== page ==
Friday, July 20, 2012

Indian scientists try to crack monsoon source code

Ross Colvin and Jatindra Dash in Reuters: Scientists aided by supercomputers are trying to unravel one of Mother Nature's biggest mysteries -- the vagaries of the summer monsoon rains that bring life, and sometimes death, to India every year.

In a first-of-its-kind project, Indian scientists aim to build computer models that would allow them to make a quantum leap in predicting the erratic movements of the monsoon. If successful, the impact would be life-changing in a country where 600 million people depend on farming for their livelihoods and where agriculture contributes 15 percent to the economy. The monsoon has been dubbed by some as India's "real finance minister".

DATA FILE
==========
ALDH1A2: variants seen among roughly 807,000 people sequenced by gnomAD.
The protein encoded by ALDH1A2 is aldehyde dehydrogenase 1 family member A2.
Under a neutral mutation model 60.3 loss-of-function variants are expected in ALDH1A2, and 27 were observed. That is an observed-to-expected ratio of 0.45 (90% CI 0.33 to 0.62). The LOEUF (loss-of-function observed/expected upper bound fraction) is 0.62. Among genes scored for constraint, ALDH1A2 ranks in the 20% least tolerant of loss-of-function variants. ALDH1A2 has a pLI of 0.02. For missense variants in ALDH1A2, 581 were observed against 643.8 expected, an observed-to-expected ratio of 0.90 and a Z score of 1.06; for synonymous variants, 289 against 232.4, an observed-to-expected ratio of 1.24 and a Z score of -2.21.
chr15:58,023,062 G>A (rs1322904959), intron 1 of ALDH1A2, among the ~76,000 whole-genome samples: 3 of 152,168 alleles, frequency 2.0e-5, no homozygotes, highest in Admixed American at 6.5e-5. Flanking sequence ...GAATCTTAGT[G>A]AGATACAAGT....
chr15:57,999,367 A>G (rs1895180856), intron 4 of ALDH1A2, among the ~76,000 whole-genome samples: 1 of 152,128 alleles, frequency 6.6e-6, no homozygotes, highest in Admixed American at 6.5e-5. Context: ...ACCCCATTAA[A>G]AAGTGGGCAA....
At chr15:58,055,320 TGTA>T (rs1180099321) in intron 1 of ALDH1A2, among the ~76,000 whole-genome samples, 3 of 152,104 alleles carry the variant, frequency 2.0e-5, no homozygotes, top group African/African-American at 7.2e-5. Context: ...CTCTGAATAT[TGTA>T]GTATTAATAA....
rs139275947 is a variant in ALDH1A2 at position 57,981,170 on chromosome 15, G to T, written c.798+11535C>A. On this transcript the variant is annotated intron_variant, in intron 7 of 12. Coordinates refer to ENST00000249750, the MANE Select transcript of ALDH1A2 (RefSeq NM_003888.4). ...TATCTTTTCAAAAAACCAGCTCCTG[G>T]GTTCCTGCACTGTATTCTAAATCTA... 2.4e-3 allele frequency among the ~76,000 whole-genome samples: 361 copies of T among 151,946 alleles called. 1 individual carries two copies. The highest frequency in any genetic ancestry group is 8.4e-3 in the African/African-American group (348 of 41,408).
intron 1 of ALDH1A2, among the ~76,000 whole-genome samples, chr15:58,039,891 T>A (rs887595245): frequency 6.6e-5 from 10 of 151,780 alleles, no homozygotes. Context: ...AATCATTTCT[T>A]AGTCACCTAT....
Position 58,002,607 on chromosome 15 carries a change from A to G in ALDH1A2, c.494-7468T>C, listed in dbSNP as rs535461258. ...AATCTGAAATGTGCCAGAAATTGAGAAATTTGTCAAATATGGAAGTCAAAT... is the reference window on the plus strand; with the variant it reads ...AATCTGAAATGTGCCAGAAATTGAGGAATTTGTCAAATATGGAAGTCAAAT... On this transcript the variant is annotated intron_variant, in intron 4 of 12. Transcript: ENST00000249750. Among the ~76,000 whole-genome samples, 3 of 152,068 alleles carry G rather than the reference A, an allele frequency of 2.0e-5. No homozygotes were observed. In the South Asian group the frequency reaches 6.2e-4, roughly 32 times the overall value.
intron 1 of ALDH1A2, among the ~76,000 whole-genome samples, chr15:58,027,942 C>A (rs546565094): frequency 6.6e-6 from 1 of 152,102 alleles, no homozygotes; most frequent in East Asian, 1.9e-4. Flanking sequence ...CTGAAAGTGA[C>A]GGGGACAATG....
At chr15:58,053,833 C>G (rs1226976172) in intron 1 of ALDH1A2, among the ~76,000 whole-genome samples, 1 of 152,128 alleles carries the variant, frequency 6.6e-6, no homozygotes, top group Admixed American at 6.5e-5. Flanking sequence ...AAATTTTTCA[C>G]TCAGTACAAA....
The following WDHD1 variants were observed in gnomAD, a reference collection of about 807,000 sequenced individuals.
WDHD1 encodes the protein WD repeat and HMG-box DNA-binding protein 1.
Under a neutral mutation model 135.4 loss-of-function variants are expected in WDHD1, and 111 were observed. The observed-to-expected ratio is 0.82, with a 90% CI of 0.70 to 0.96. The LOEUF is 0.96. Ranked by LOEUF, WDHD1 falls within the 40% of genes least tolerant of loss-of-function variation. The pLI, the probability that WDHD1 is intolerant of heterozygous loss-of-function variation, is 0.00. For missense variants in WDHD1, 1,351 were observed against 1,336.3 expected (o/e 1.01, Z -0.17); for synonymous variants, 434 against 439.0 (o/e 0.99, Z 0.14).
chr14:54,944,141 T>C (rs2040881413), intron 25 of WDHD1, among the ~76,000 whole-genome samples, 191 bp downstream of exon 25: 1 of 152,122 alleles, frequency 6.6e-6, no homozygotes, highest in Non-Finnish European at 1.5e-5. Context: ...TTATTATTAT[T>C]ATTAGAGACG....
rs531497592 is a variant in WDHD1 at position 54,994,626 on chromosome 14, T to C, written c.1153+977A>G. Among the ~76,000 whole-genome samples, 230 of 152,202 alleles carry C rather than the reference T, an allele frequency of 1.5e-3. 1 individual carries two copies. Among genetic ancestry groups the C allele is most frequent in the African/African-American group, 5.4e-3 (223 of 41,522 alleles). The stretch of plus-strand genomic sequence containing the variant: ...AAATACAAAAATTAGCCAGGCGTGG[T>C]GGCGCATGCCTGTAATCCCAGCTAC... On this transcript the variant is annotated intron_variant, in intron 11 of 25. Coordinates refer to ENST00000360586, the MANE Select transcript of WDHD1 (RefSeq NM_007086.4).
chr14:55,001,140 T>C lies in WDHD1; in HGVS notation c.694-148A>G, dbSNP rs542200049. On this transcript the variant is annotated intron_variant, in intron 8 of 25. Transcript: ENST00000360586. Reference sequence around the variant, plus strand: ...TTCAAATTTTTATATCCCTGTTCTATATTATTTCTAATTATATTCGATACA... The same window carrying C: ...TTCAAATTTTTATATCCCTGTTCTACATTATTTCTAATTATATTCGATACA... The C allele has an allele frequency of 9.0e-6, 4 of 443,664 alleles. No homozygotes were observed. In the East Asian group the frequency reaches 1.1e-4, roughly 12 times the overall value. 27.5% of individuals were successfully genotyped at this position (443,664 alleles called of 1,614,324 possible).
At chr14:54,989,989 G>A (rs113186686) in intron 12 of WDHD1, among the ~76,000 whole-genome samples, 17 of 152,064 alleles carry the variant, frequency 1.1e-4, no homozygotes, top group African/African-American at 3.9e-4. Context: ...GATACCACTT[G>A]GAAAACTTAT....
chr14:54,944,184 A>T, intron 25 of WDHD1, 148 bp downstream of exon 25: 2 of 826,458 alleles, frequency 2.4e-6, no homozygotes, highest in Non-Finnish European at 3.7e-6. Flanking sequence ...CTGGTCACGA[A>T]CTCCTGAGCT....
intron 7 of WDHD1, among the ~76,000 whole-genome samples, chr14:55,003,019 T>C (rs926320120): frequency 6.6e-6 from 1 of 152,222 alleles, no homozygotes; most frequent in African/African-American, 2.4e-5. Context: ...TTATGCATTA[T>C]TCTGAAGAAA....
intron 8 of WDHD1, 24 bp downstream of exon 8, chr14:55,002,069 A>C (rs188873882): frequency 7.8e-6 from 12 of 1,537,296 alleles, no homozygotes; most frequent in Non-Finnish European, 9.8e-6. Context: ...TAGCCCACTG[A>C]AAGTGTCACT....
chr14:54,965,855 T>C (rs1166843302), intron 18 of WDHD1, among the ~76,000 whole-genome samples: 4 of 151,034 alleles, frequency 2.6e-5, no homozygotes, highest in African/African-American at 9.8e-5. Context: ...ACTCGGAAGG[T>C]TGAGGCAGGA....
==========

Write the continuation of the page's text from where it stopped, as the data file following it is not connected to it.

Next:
"Ultimately it's all about water. Everybody needs water and whatever amount of water you get here is mainly through rainfall," said Shailesh Nayak, secretary of the Earth Sciences Ministry. India typically receives 75 percent of its annual rain from the June-September monsoon as moisture-laden winds sweep in from the southwest of the peninsula.

The importance of the recently launched five-year "monsoon mission" has been underscored by this summer's patchy and below-average rains, which have provoked much anxious sky-watching and fears of drought in India's northwest, even as floods in the northeast displaced 2 million people and killed more than 100....

Punjab rice fields during the 2011 monsoon, shot by Sanyambahga, Wikimedia Commons, under the Creative Commons Attribution-Share Alike 3.0 Unported license

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